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Unions take action; gird themselves for pending NLRB rulings on supervisor status
UNION MEMBERS RALLIED LAST week in 18 cities across the U.S. --and 
outside National Labor Relations Board headquarters in Washington, DC--
to protest what they anticipate will be significant anti-labor rulings by the agency. 
The unions' "national week of action" came as the Board is poised to rule on a 
trio of cases that will clarify, and perhaps sharply limit, who is eligible to join 
a union under the National Labor Relations Act. Labor fears the rulings "will be 
one of the most serious attacks on workers' rights in decades," according to the 
AFL-CIO. Planned protests included marches to regional NLRB offices in 
various cities. The AFL-CIO said the rallies marked the first time that such 
concerted actions have focused on the Bush labor board's decisions.

Rulings are thought to be imminent on the pending Board cases, jointly referred to 
as the "Kentucky River" cases, after the Supreme Court decision which prompted 
their reconsideration ( NLRB v Kentucky River Community Care, Inc , USSCt 2001, 
143 LC 10,988). The cases have been pending before the Board since 2002. The crux 
of the issue in each is whether certain employees are "supervisors" under the NLRA--
and thus ineligible to join a union:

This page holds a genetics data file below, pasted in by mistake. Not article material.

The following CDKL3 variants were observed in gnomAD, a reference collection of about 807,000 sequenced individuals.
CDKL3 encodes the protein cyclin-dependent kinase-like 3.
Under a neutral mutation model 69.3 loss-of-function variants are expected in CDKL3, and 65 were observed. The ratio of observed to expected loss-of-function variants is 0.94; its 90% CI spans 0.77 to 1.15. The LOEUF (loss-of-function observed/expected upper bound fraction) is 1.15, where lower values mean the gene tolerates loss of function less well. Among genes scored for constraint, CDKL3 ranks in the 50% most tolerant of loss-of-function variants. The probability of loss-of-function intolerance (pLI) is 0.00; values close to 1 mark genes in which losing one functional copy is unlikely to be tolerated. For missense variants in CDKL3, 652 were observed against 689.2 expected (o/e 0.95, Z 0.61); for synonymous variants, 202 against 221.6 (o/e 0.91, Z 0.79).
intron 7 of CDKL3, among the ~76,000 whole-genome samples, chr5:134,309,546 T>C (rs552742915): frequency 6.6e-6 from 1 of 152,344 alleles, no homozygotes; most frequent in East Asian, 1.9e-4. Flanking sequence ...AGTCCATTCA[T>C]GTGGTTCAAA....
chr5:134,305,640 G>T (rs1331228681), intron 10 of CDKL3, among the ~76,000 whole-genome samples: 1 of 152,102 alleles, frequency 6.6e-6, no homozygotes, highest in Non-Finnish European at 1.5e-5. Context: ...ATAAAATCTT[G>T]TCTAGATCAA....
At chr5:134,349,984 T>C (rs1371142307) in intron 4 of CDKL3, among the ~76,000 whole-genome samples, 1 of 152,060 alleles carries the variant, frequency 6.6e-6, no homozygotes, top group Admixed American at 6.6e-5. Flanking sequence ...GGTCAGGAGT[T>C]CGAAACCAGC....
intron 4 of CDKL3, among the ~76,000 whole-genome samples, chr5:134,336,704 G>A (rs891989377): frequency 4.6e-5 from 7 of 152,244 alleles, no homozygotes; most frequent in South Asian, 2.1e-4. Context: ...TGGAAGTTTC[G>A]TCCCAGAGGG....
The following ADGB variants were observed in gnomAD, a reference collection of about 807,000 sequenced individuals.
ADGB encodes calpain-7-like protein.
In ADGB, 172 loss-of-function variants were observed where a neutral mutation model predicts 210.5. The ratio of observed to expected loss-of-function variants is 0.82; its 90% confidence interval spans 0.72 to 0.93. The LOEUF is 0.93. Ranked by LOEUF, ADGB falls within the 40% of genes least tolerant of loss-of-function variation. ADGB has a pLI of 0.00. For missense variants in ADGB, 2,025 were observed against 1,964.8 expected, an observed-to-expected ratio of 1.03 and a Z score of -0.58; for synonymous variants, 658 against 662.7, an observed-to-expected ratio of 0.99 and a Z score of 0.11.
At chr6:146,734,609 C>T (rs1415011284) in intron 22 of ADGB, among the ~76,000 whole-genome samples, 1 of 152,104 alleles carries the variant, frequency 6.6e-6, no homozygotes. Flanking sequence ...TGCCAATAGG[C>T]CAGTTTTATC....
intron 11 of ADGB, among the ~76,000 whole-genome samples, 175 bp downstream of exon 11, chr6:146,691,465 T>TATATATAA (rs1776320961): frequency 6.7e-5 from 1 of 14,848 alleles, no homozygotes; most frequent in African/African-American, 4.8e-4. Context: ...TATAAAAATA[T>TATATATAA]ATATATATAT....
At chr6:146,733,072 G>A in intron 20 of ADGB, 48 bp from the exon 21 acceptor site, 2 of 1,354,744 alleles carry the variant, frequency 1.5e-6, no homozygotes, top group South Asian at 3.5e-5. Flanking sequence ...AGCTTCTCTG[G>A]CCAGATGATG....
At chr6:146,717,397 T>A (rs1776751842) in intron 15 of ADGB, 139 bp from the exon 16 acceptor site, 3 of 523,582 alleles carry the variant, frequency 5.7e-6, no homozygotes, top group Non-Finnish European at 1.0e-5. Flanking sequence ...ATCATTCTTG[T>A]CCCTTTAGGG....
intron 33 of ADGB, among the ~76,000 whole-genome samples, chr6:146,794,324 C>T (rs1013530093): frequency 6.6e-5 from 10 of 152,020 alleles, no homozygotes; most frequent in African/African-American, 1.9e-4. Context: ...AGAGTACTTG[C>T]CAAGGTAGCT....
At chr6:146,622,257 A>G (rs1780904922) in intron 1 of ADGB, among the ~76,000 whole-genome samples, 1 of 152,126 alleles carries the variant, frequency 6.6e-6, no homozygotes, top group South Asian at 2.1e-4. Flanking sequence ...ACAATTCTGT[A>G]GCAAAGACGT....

* Oakwood Healthcare, Inc, Case 7-RC-22141 (involving RN charge nurses in a 
    * Golden Crest Healthcare Center (enf. den'd 8thCir 2001) 144 LC 11,126 (charge 
      nurses in long-term care facilities);
    * Croft Metals Inc , 337 NLRB No 106 , 2001-02 CCH NLRB 16,256 ("leadmen"
      and "load supervisors" in a manufacturing facility).

Labor says these workers will likely be unfairly classified as supervisors and thus 
ineligible for union representation. "At stake are collective bargaining rights for 
hundreds of thousands of workers who could be reclassified as supervisors and 
therefore not eligible for union protection under federal law," according to an AFL-
CIO statement. "By broadening the legal definition of 'supervisor,' these three 
cases will significantly strip workers of their existing contract protections and 
deny even more their right to organize, reversing decades of worker protections," 
the union contended.

Last Thursday, in light of the protests, the NLRB issued a statement. "In deciding 
the three pending cases, the Board is bound by the decisions of the Supreme Court," 
the Board reminded. "After reviewing the written record, the briefs and arguments 
of the parties, the relevant case precedent and the applicable sections of the Act, 
the Board will issue its decisions in the pending cases."

At this point there are more than 60 other cases pending on the Board's decision in 
the instant cases. According to American Rights at Work, a union advocacy group, 
scores of organizing campaigns have been put on hold as well.

© 8/06 CCH Internet Research NetWork

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